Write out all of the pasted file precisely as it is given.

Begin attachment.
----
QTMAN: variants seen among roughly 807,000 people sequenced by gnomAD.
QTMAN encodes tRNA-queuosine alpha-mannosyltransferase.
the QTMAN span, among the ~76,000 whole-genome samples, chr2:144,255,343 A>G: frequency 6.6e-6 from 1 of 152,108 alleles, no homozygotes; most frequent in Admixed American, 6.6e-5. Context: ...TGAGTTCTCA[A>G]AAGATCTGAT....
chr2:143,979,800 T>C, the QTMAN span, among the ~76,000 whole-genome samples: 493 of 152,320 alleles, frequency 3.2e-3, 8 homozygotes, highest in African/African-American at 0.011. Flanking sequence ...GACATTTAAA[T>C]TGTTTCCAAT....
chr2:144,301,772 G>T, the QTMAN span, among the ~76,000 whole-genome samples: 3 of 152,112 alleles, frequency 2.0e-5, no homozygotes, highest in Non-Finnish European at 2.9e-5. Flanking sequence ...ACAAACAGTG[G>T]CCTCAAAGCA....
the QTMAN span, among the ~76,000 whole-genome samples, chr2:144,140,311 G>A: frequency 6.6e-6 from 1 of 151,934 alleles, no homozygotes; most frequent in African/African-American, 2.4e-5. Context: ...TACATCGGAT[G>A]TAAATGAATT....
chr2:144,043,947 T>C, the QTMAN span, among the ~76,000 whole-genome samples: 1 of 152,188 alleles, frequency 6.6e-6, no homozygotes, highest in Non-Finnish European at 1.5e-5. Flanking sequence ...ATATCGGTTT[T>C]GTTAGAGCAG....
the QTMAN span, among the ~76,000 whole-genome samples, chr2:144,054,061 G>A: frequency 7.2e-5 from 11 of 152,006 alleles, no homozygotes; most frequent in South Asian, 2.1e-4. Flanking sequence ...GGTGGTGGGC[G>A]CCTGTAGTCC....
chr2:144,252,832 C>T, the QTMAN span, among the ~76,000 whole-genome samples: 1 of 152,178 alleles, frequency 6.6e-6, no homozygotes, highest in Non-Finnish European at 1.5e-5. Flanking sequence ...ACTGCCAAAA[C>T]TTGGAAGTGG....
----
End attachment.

QTMAN: variants seen among roughly 807,000 people sequenced by gnomAD.
QTMAN encodes tRNA-queuosine alpha-mannosyltransferase.
the QTMAN span, among the ~76,000 whole-genome samples, chr2:144,255,343 A>G: frequency 6.6e-6 from 1 of 152,108 alleles, no homozygotes; most frequent in Admixed American, 6.6e-5. Context: ...TGAGTTCTCA[A>G]AAGATCTGAT....
chr2:143,979,800 T>C, the QTMAN span, among the ~76,000 whole-genome samples: 493 of 152,320 alleles, frequency 3.2e-3, 8 homozygotes, highest in African/African-American at 0.011. Flanking sequence ...GACATTTAAA[T>C]TGTTTCCAAT....
chr2:144,301,772 G>T, the QTMAN span, among the ~76,000 whole-genome samples: 3 of 152,112 alleles, frequency 2.0e-5, no homozygotes, highest in Non-Finnish European at 2.9e-5. Flanking sequence ...ACAAACAGTG[G>T]CCTCAAAGCA....
the QTMAN span, among the ~76,000 whole-genome samples, chr2:144,140,311 G>A: frequency 6.6e-6 from 1 of 151,934 alleles, no homozygotes; most frequent in African/African-American, 2.4e-5. Context: ...TACATCGGAT[G>A]TAAATGAATT....
chr2:144,043,947 T>C, the QTMAN span, among the ~76,000 whole-genome samples: 1 of 152,188 alleles, frequency 6.6e-6, no homozygotes, highest in Non-Finnish European at 1.5e-5. Flanking sequence ...ATATCGGTTT[T>C]GTTAGAGCAG....
the QTMAN span, among the ~76,000 whole-genome samples, chr2:144,054,061 G>A: frequency 7.2e-5 from 11 of 152,006 alleles, no homozygotes; most frequent in South Asian, 2.1e-4. Flanking sequence ...GGTGGTGGGC[G>A]CCTGTAGTCC....
chr2:144,252,832 C>T, the QTMAN span, among the ~76,000 whole-genome samples: 1 of 152,178 alleles, frequency 6.6e-6, no homozygotes, highest in Non-Finnish European at 1.5e-5. Flanking sequence ...ACTGCCAAAA[C>T]TTGGAAGTGG....